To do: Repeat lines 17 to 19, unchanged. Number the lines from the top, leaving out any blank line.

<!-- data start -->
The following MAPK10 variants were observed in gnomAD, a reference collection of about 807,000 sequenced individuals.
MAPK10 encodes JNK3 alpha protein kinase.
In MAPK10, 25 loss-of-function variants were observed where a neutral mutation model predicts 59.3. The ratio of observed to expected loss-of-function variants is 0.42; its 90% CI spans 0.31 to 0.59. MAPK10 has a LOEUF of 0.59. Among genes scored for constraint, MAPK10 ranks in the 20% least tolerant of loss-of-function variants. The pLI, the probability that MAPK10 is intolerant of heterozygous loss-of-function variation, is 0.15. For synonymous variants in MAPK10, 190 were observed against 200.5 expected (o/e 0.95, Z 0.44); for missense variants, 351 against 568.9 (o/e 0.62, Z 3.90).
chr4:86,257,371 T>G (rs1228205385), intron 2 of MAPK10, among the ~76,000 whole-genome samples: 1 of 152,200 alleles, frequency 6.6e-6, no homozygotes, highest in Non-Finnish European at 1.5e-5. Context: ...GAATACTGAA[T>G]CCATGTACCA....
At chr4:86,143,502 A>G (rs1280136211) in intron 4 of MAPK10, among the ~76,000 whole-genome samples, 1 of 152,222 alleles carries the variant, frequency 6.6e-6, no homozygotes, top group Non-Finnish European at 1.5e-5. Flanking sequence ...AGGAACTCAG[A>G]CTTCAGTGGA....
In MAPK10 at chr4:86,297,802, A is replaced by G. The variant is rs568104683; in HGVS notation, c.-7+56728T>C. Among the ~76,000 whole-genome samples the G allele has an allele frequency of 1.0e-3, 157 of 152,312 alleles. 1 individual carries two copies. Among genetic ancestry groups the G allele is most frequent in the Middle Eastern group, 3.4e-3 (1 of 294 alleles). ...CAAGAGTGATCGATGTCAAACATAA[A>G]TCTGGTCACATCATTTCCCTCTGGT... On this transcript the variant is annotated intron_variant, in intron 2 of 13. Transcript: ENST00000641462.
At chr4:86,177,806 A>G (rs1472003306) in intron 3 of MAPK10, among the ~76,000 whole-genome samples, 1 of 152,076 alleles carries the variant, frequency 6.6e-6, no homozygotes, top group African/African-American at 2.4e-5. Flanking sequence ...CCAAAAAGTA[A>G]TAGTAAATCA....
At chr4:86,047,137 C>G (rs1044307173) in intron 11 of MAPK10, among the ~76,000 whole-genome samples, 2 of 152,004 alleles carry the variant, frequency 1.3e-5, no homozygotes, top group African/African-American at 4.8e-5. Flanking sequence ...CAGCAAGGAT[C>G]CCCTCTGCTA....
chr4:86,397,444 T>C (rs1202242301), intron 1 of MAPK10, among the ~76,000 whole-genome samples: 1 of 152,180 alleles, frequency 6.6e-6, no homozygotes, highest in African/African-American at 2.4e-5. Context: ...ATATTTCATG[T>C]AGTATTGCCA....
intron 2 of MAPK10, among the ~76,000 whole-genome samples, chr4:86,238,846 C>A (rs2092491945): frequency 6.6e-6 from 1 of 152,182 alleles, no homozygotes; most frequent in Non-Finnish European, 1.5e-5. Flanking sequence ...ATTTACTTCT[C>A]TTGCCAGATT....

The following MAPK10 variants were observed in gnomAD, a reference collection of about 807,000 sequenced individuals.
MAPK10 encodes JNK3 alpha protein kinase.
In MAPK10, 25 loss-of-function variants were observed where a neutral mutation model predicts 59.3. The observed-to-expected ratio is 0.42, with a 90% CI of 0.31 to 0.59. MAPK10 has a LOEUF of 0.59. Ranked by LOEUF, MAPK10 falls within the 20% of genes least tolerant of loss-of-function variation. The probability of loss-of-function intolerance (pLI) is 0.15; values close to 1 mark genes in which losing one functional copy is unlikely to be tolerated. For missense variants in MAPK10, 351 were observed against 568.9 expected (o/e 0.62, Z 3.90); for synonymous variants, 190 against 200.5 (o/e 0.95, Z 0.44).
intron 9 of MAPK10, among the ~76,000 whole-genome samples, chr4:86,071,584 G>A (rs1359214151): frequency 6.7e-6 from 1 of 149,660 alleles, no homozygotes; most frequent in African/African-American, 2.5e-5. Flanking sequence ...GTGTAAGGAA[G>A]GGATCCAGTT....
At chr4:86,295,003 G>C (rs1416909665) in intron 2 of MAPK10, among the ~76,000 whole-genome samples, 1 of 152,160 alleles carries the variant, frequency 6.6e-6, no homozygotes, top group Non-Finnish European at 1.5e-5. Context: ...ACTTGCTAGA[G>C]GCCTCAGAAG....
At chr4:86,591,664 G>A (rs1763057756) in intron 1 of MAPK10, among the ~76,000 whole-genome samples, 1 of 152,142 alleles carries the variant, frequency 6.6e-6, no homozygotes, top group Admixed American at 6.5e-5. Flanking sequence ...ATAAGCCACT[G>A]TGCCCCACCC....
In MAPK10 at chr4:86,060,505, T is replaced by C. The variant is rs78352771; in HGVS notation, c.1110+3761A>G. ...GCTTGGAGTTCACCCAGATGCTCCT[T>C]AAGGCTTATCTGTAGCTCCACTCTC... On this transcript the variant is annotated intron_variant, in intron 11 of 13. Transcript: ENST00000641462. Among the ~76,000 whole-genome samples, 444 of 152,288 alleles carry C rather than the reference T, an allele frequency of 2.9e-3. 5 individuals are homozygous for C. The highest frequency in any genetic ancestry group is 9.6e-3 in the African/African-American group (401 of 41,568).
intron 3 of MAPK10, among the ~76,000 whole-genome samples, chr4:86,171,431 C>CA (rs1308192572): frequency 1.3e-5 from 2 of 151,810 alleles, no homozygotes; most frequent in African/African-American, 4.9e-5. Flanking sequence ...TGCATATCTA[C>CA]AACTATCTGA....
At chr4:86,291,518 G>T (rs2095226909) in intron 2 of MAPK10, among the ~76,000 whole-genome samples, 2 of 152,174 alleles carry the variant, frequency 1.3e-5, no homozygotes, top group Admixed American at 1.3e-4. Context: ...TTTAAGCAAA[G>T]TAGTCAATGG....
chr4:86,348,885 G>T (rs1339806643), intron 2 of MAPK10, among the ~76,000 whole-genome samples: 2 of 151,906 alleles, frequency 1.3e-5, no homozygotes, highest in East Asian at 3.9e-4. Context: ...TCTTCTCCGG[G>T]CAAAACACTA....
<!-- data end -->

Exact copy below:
In MAPK10 at chr4:86,060,505, T is replaced by C. The variant is rs78352771; in HGVS notation, c.1110+3761A>G. ...GCTTGGAGTTCACCCAGATGCTCCT[T>C]AAGGCTTATCTGTAGCTCCACTCTC... On this transcript the variant is annotated intron_variant, in intron 11 of 13. Transcript: ENST00000641462. Among the ~76,000 whole-genome samples, 444 of 152,288 alleles carry C rather than the reference T, an allele frequency of 2.9e-3. 5 individuals are homozygous for C. The highest frequency in any genetic ancestry group is 9.6e-3 in the African/African-American group (401 of 41,568).
intron 3 of MAPK10, among the ~76,000 whole-genome samples, chr4:86,171,431 C>CA (rs1308192572): frequency 1.3e-5 from 2 of 151,810 alleles, no homozygotes; most frequent in African/African-American, 4.9e-5. Flanking sequence ...TGCATATCTA[C>CA]AACTATCTGA....
At chr4:86,291,518 G>T (rs2095226909) in intron 2 of MAPK10, among the ~76,000 whole-genome samples, 2 of 152,174 alleles carry the variant, frequency 1.3e-5, no homozygotes, top group Admixed American at 1.3e-4. Context: ...TTTAAGCAAA[G>T]TAGTCAATGG....